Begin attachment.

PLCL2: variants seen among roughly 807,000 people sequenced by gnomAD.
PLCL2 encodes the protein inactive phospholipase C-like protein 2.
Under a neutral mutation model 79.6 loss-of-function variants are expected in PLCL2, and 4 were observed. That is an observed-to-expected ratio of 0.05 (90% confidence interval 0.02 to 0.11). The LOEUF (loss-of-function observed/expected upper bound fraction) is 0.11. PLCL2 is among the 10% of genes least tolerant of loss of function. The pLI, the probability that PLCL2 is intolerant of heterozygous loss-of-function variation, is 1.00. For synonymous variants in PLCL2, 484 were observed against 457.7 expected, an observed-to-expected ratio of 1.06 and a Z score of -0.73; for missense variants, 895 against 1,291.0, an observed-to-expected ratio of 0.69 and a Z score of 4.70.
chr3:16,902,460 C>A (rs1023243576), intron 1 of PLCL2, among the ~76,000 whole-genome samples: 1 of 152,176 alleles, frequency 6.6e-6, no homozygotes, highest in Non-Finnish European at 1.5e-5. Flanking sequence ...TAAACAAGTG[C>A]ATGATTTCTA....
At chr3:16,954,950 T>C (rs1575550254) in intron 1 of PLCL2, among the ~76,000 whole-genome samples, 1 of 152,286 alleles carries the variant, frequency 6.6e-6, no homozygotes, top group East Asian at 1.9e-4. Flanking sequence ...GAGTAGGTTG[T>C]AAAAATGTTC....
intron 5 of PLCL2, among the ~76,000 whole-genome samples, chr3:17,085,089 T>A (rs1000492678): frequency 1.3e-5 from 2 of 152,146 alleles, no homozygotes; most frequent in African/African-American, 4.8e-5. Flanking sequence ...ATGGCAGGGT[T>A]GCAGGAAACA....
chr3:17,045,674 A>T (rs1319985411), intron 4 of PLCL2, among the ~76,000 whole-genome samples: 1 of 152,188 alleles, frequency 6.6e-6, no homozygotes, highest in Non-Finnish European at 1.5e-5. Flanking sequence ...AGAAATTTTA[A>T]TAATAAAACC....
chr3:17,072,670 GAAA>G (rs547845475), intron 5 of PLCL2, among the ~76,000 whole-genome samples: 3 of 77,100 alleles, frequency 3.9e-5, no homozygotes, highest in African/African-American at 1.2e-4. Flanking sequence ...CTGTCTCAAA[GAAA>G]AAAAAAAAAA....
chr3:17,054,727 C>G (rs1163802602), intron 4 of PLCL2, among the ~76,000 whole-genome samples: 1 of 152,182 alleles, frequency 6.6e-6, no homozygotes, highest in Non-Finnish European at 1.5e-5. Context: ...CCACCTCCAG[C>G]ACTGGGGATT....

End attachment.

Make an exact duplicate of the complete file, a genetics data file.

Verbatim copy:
PLCL2: variants seen among roughly 807,000 people sequenced by gnomAD.
PLCL2 encodes the protein inactive phospholipase C-like protein 2.
Under a neutral mutation model 79.6 loss-of-function variants are expected in PLCL2, and 4 were observed. That is an observed-to-expected ratio of 0.05 (90% confidence interval 0.02 to 0.11). The LOEUF (loss-of-function observed/expected upper bound fraction) is 0.11. PLCL2 is among the 10% of genes least tolerant of loss of function. The pLI, the probability that PLCL2 is intolerant of heterozygous loss-of-function variation, is 1.00. For synonymous variants in PLCL2, 484 were observed against 457.7 expected, an observed-to-expected ratio of 1.06 and a Z score of -0.73; for missense variants, 895 against 1,291.0, an observed-to-expected ratio of 0.69 and a Z score of 4.70.
chr3:16,902,460 C>A (rs1023243576), intron 1 of PLCL2, among the ~76,000 whole-genome samples: 1 of 152,176 alleles, frequency 6.6e-6, no homozygotes, highest in Non-Finnish European at 1.5e-5. Flanking sequence ...TAAACAAGTG[C>A]ATGATTTCTA....
At chr3:16,954,950 T>C (rs1575550254) in intron 1 of PLCL2, among the ~76,000 whole-genome samples, 1 of 152,286 alleles carries the variant, frequency 6.6e-6, no homozygotes, top group East Asian at 1.9e-4. Flanking sequence ...GAGTAGGTTG[T>C]AAAAATGTTC....
intron 5 of PLCL2, among the ~76,000 whole-genome samples, chr3:17,085,089 T>A (rs1000492678): frequency 1.3e-5 from 2 of 152,146 alleles, no homozygotes; most frequent in African/African-American, 4.8e-5. Flanking sequence ...ATGGCAGGGT[T>A]GCAGGAAACA....
chr3:17,045,674 A>T (rs1319985411), intron 4 of PLCL2, among the ~76,000 whole-genome samples: 1 of 152,188 alleles, frequency 6.6e-6, no homozygotes, highest in Non-Finnish European at 1.5e-5. Flanking sequence ...AGAAATTTTA[A>T]TAATAAAACC....
chr3:17,072,670 GAAA>G (rs547845475), intron 5 of PLCL2, among the ~76,000 whole-genome samples: 3 of 77,100 alleles, frequency 3.9e-5, no homozygotes, highest in African/African-American at 1.2e-4. Flanking sequence ...CTGTCTCAAA[GAAA>G]AAAAAAAAAA....
chr3:17,054,727 C>G (rs1163802602), intron 4 of PLCL2, among the ~76,000 whole-genome samples: 1 of 152,182 alleles, frequency 6.6e-6, no homozygotes, highest in Non-Finnish European at 1.5e-5. Context: ...CCACCTCCAG[C>G]ACTGGGGATT....